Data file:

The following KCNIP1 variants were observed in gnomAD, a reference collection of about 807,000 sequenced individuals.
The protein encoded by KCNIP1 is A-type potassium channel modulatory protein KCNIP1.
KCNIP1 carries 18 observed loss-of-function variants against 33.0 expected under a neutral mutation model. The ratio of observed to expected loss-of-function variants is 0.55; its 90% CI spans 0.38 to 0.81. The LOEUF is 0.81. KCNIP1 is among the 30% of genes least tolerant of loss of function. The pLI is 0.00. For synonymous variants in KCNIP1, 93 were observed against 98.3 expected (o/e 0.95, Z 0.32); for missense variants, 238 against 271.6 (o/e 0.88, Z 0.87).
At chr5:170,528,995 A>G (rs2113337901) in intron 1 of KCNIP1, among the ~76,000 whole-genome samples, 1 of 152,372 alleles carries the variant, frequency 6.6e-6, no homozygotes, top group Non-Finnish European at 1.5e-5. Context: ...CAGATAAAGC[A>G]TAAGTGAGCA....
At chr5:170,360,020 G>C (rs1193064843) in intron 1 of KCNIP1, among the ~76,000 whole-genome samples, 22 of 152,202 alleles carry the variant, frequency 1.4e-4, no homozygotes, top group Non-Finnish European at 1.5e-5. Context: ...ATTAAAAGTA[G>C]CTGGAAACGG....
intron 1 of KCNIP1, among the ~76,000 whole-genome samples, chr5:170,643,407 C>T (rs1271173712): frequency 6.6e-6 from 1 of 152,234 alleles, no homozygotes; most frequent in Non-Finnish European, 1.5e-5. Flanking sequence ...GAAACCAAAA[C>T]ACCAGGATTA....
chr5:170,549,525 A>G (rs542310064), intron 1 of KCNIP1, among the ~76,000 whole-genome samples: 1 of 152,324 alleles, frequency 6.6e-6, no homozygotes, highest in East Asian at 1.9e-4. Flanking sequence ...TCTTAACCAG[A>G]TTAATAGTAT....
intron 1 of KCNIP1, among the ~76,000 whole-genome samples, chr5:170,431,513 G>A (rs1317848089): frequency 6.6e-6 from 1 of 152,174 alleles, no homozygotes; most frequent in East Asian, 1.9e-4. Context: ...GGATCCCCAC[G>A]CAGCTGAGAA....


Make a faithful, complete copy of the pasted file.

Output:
The following KCNIP1 variants were observed in gnomAD, a reference collection of about 807,000 sequenced individuals.
The protein encoded by KCNIP1 is A-type potassium channel modulatory protein KCNIP1.
KCNIP1 carries 18 observed loss-of-function variants against 33.0 expected under a neutral mutation model. The ratio of observed to expected loss-of-function variants is 0.55; its 90% CI spans 0.38 to 0.81. The LOEUF is 0.81. KCNIP1 is among the 30% of genes least tolerant of loss of function. The pLI is 0.00. For synonymous variants in KCNIP1, 93 were observed against 98.3 expected (o/e 0.95, Z 0.32); for missense variants, 238 against 271.6 (o/e 0.88, Z 0.87).
At chr5:170,528,995 A>G (rs2113337901) in intron 1 of KCNIP1, among the ~76,000 whole-genome samples, 1 of 152,372 alleles carries the variant, frequency 6.6e-6, no homozygotes, top group Non-Finnish European at 1.5e-5. Context: ...CAGATAAAGC[A>G]TAAGTGAGCA....
At chr5:170,360,020 G>C (rs1193064843) in intron 1 of KCNIP1, among the ~76,000 whole-genome samples, 22 of 152,202 alleles carry the variant, frequency 1.4e-4, no homozygotes, top group Non-Finnish European at 1.5e-5. Context: ...ATTAAAAGTA[G>C]CTGGAAACGG....
intron 1 of KCNIP1, among the ~76,000 whole-genome samples, chr5:170,643,407 C>T (rs1271173712): frequency 6.6e-6 from 1 of 152,234 alleles, no homozygotes; most frequent in Non-Finnish European, 1.5e-5. Flanking sequence ...GAAACCAAAA[C>T]ACCAGGATTA....
chr5:170,549,525 A>G (rs542310064), intron 1 of KCNIP1, among the ~76,000 whole-genome samples: 1 of 152,324 alleles, frequency 6.6e-6, no homozygotes, highest in East Asian at 1.9e-4. Flanking sequence ...TCTTAACCAG[A>G]TTAATAGTAT....
intron 1 of KCNIP1, among the ~76,000 whole-genome samples, chr5:170,431,513 G>A (rs1317848089): frequency 6.6e-6 from 1 of 152,174 alleles, no homozygotes; most frequent in East Asian, 1.9e-4. Context: ...GGATCCCCAC[G>A]CAGCTGAGAA....